How to choose fertility-friendly sunscreen
Summer’s in full swing, which means you’ve probably already been slathering on the sunscreen. Good for you!
It’s important to protect your skin from UV damage and sunburn. But not all sunscreens are created equal, and some contain endocrine disrupting hormones, which means they’re not very fertility-friendly.
I know we’ve talked chemicals in personal care products here, but today I want to talk specifically about sunscreens. I’m going to walk you through why you should care what’s in your sunscreen, and what to look for when you buy:
Read the transcript
Hey guys! Kate here.
Now that summer is in full swing, I bet most of us have been slathering on the sunscreen. Which is good! It’s important to protect our skin from UV damage and sunburn. But, lots of sunscreens have some pretty terrible chemicals.
Now I know we’ve talked chemicals in personal care products before, but let’s talk sunscreen today. I’m going to walk you through why you should care what’s in your sunscreen, and what to look for when you buy.
So first, let’s talk some facts.
- Sunscreen should be your last defense. Cover up, stay in the shade, and avoid the sun when it’s at its peak (about 11am-3pm). Sunscreen can help prevent sunburn, but you still are receiving some Uv rays from the sun that cause skin damage and those pesky fine lines.
- You absorb things through your skin, so even though you’re not eating it, it’s still ending up in your bloodstream. Think birth control patches, or nicotine patches–they are both based on the idea that we absorb things through our skin–sunscreen is no different.
- Chemical vs. mineral sunscreens. There are basically 2 kinds of active ingredients in sunscreens that protecting your skin–chemicals or minerals. Chemicals are by far the most common and active ingredients can include oxybenzone, avobenzone, octisalate, octocrylene, homosalate and octinoxate. Mineral sunscreens usually use zinc oxide and/or titanium dioxide. And some products combine chemical and mineral filters. Some of these chemical ingredients are considered endocrine disruptors meaning they can mess with your hormones. Oxybenzone is the most worrisome of these. Not everyone agrees on the research, but my thought is, if there’s some doubt it’s messing with my hormones, im not going to do it. Mineral sunscreens usually use something called nanoparticles that are too big to be absorbed by the skin and don’t make it into the bloodstream. There is some controversy around the use of nanoparticles (which allow the white zinc oxide to rub in clear), but the consensus seems to be that they are safe, are not easily absorbed into the skin, and are a bettter option than chemical sunscreens.
- Don’t forget other ingredients. Just because you’re using a mineral sunscreen doesn’t mean it’s great. Preservatives and other ingredients can still be harmful, so be sure to check the label or check out EWG.org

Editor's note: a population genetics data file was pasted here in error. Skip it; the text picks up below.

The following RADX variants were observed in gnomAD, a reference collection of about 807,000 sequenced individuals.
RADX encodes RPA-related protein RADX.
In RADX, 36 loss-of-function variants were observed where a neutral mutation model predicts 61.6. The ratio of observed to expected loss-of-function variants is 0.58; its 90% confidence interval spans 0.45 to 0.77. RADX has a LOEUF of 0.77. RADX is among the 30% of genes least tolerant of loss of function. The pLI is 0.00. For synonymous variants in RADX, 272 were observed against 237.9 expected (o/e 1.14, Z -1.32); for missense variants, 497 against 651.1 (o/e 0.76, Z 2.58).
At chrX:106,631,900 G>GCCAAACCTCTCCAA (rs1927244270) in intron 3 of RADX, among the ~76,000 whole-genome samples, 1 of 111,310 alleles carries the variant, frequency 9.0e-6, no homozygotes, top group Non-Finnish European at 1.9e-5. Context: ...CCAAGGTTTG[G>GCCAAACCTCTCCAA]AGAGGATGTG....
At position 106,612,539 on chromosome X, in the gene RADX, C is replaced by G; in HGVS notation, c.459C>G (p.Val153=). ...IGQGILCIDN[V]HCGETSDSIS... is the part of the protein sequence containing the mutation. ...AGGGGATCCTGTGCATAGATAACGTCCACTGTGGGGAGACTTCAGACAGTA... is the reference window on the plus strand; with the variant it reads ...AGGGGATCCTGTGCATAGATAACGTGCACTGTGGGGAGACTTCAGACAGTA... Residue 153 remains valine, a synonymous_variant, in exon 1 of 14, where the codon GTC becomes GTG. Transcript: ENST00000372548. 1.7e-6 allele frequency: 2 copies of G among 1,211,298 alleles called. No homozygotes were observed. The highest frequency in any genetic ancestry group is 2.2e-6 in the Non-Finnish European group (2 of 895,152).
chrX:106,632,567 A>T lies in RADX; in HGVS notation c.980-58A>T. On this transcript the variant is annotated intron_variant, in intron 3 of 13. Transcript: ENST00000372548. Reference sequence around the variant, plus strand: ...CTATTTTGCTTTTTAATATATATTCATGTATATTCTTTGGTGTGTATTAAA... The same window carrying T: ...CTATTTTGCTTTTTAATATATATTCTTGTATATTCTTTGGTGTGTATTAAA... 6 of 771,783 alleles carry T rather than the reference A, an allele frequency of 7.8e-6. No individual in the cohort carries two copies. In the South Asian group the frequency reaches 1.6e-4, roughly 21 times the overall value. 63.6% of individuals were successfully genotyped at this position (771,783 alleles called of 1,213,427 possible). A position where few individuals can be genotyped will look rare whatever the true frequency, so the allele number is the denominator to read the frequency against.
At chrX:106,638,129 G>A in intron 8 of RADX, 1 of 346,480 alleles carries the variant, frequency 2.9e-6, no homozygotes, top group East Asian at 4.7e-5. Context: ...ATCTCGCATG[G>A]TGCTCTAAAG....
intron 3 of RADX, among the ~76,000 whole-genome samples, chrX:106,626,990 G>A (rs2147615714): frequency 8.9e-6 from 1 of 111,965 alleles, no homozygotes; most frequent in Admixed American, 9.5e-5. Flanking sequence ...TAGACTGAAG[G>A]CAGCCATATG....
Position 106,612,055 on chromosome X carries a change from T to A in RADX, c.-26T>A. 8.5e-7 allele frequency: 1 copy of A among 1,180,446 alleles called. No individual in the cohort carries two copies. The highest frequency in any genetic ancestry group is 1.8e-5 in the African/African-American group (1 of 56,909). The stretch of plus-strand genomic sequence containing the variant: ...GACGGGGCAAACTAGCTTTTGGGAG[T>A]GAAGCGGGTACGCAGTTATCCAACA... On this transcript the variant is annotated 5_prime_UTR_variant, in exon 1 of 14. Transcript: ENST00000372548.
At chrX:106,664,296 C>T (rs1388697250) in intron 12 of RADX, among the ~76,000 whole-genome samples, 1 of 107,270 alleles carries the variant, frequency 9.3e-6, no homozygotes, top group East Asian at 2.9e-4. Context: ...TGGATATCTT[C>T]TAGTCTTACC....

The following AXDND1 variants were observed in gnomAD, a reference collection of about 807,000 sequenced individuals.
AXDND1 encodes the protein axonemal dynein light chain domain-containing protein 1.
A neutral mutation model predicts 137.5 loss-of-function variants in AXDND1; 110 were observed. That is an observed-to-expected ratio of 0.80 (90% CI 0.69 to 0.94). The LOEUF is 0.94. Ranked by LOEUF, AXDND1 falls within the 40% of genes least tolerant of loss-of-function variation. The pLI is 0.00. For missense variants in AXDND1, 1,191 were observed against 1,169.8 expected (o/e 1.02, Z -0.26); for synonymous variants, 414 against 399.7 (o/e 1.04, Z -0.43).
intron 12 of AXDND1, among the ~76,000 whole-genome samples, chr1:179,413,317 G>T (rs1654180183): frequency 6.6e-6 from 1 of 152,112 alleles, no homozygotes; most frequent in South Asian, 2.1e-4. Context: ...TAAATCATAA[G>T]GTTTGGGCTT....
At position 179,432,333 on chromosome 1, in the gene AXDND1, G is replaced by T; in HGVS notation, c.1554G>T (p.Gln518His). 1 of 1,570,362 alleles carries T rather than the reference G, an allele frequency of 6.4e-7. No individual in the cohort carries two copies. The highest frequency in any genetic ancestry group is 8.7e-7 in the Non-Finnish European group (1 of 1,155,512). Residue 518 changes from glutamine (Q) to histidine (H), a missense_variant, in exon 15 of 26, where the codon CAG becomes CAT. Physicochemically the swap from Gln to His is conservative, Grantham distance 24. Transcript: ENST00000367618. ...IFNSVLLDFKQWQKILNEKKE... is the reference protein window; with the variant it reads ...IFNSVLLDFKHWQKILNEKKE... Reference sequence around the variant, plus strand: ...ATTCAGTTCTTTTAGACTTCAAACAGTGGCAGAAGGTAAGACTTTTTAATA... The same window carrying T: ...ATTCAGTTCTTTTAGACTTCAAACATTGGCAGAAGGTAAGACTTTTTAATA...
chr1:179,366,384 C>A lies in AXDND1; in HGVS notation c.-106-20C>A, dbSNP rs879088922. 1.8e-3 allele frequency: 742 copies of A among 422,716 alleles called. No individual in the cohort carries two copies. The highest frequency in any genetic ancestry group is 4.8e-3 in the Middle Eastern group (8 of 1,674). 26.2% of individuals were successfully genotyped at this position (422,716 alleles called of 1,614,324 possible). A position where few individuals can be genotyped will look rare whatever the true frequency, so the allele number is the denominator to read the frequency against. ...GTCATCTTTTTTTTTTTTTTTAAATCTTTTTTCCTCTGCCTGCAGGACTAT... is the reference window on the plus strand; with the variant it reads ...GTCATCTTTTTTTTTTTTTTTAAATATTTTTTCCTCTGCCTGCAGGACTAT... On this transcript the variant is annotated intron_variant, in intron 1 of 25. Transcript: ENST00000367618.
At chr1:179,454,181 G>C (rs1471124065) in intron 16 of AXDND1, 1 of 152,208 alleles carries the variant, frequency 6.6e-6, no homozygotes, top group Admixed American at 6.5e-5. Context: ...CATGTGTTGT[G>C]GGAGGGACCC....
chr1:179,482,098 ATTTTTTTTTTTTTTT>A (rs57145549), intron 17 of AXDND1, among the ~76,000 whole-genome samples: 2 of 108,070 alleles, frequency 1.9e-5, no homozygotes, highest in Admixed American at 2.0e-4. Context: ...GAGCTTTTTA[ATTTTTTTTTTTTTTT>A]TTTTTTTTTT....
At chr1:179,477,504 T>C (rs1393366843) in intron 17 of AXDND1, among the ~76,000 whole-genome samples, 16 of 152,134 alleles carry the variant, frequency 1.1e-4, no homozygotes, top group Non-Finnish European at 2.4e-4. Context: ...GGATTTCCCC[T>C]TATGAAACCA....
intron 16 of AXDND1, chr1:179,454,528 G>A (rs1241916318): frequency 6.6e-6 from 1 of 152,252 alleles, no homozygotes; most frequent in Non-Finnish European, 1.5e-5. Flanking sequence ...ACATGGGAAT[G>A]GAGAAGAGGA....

- Don’t be fooled by high SPF. So SPF 100 sounds awesome, but it’s actually not that much more effective than spf 40, and people tend to reapply less often, which means they get less protection. And SPF 100 isn’t twice as effective as SPF 50 exactly. Sure it cuts the risk in half, but SPF 50 actually filters out 98% of UVB rays. When you cut that 2% gap in half, that means that spf 100 filters 99% of UVB rays. So not a huge difference, but psychologically, we think we are so much better, so 4 hours later we still haven’t reapplied. So you can stick with SPF 40 or 50 and still be very protected, just remember to reapply.
- Skip the spray–spray sunscreens carry the risk of inhalation–I’ve definitely inhaled from other people’s sunscreen application at the pool, and that’s not great either. No one loves greasy hands, but your lungs will thank you 🙂
So what sunscreens should you be using? The Environmental Workers’ Group (EWG) just released their annual report with top recommendations. They rank products on a scale of 0-10 (0 being the least concerning ingredient list), and I love to use their lists. You can check it out here: EWG’s Guide to Sunscreens
Some of their top beach sunscreens include Alba Botanica, which I’ve used and Goddess Garden. They’ve also got recommendations for kids and for SPF moisturizers.
Suntegrity ranks high on their moisturizer list and I’ve been using that this year and really loving it. You can check that out here.
So I know this can be super confusing, but to summarize:
- avoid high sun times, so you need less sunscreen in the first place
- use mineral sunscreens
- avoid the high SPFs and sprays
- check out the EWG list, or use their app at the store–you can scan a product and they will tell you its rating.
So soak up the sun, enjoy summer, and take care of your skin and your hormones. Talk to you soon!
You can check out the EWG’s guide to sunscreen 2018 right here for their top recommendations.
So soak up the sun, enjoy summer, and take care of your skin–and hormones! 🙂
WANT MORE ADVICE + INSPIRATION DELIVERED STRAIGHT TO YOUR INBOX?
Sign up for my list + get free content and updates (plus some stuff I only share with my insiders!)
Success! You're in!
OTHER POSTS YOU MAY ENJOY: